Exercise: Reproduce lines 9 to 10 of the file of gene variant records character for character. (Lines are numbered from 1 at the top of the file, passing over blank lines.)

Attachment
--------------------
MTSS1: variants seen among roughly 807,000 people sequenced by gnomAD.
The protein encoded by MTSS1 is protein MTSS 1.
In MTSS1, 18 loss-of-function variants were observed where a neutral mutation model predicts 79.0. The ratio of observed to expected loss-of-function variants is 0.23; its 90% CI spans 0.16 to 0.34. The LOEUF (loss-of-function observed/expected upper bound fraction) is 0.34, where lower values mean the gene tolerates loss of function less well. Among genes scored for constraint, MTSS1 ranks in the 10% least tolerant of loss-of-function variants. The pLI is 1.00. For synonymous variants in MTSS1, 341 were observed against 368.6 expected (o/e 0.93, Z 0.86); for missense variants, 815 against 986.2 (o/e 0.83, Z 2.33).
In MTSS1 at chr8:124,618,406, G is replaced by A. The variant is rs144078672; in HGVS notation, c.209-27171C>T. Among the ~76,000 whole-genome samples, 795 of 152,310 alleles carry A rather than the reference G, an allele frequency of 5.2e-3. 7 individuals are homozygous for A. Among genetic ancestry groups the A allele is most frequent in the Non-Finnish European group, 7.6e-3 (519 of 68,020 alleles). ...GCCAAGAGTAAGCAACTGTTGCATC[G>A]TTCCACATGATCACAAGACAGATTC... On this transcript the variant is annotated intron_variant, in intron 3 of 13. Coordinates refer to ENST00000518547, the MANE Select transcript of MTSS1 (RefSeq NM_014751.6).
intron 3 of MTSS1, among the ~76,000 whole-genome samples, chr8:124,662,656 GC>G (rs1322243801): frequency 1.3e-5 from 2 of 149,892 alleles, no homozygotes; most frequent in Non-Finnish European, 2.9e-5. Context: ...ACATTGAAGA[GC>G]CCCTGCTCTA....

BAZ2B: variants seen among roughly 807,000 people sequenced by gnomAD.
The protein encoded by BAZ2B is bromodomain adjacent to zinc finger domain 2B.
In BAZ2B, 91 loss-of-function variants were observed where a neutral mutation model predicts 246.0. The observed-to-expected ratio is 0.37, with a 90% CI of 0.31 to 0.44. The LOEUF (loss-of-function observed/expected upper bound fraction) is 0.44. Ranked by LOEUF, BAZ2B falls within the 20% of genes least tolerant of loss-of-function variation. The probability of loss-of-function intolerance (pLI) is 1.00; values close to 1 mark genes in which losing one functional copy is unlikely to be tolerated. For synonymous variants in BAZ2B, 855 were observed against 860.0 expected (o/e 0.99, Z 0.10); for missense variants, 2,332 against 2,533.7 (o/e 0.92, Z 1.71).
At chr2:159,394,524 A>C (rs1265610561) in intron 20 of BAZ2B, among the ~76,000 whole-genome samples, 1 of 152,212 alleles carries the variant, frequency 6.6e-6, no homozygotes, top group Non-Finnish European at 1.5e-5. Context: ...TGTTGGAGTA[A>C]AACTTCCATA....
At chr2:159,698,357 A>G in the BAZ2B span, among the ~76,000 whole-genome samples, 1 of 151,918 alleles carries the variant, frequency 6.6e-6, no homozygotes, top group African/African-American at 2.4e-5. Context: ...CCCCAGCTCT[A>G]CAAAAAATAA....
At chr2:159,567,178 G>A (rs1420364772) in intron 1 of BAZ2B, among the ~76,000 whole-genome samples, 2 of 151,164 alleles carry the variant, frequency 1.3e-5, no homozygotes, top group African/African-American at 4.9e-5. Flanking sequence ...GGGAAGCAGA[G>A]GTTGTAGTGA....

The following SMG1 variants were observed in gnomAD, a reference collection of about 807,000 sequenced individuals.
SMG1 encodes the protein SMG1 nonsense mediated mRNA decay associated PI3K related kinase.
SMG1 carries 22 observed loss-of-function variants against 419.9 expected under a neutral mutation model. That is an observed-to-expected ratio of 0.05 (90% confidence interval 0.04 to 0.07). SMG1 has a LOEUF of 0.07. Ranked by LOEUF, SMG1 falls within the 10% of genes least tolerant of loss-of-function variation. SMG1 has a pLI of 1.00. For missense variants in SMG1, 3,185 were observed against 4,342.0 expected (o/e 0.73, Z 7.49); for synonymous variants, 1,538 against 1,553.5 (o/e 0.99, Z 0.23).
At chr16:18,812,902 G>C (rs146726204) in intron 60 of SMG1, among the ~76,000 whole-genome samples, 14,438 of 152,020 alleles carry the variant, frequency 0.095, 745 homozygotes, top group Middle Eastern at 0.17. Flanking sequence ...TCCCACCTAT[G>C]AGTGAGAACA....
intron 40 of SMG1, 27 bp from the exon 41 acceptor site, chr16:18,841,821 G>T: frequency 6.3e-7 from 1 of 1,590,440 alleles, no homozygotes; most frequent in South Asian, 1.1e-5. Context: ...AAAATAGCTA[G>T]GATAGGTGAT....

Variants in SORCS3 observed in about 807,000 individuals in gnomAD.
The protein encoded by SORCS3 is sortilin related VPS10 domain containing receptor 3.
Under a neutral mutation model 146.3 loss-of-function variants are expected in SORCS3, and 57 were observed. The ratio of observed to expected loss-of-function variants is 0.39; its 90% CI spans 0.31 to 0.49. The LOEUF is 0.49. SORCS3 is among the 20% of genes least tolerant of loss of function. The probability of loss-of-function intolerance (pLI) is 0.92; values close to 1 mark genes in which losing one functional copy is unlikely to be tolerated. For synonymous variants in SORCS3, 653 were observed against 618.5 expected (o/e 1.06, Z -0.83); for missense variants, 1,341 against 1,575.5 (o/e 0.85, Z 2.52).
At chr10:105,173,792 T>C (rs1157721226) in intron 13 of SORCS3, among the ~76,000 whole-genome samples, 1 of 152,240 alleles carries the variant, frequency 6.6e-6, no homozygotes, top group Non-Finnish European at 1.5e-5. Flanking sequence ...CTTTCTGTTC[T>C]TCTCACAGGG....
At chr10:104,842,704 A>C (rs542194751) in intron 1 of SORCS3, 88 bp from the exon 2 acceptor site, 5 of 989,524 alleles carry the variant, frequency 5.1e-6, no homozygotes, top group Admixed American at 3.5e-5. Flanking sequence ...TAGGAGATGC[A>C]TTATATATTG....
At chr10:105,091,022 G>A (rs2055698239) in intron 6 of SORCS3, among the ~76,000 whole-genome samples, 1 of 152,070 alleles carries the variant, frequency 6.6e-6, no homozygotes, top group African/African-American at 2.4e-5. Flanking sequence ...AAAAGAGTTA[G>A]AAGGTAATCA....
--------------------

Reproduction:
At chr2:159,394,524 A>C (rs1265610561) in intron 20 of BAZ2B, among the ~76,000 whole-genome samples, 1 of 152,212 alleles carries the variant, frequency 6.6e-6, no homozygotes, top group Non-Finnish European at 1.5e-5. Context: ...TGTTGGAGTA[A>C]AACTTCCATA....
At chr2:159,698,357 A>G in the BAZ2B span, among the ~76,000 whole-genome samples, 1 of 151,918 alleles carries the variant, frequency 6.6e-6, no homozygotes, top group African/African-American at 2.4e-5. Context: ...CCCCAGCTCT[A>G]CAAAAAATAA....